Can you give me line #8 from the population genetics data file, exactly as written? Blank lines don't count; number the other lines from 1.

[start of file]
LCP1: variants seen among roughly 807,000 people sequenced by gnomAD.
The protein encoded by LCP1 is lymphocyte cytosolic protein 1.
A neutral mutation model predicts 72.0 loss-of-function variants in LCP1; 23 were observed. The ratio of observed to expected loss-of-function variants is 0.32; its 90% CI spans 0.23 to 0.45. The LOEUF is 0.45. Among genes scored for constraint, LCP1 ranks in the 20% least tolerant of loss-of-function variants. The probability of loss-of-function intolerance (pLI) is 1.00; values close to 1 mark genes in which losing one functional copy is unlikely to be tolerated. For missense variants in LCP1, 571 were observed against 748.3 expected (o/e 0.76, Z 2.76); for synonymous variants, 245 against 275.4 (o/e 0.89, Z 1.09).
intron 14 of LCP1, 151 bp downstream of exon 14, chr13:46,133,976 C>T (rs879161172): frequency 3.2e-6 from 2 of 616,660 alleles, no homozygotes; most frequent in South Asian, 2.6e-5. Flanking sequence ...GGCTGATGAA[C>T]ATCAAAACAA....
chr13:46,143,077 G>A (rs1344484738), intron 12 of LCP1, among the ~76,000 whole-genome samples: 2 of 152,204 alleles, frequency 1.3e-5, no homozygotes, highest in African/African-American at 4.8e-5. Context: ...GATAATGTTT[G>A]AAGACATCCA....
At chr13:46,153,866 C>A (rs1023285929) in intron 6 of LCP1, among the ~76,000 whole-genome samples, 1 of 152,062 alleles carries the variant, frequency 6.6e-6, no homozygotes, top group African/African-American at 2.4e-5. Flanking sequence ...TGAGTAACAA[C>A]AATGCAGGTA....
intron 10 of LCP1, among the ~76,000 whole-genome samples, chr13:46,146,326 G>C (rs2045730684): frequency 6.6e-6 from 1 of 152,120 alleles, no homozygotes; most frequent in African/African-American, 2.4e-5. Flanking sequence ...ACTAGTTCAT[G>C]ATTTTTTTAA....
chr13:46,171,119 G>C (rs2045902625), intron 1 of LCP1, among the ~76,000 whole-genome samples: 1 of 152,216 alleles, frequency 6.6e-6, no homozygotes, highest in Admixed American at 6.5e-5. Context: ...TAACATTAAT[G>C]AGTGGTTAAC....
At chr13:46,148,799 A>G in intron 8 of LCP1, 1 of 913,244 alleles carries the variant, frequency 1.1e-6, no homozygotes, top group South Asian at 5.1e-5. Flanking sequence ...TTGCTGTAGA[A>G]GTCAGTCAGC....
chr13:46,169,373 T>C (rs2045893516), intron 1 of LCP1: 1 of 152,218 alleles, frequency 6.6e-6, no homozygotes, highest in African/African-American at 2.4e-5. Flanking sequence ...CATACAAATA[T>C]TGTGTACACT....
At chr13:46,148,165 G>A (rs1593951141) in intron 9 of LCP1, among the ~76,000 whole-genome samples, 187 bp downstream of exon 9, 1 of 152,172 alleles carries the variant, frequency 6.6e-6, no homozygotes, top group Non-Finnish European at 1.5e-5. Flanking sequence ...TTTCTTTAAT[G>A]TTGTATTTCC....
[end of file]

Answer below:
chr13:46,171,119 G>C (rs2045902625), intron 1 of LCP1, among the ~76,000 whole-genome samples: 1 of 152,216 alleles, frequency 6.6e-6, no homozygotes, highest in Admixed American at 6.5e-5. Context: ...TAACATTAAT[G>C]AGTGGTTAAC....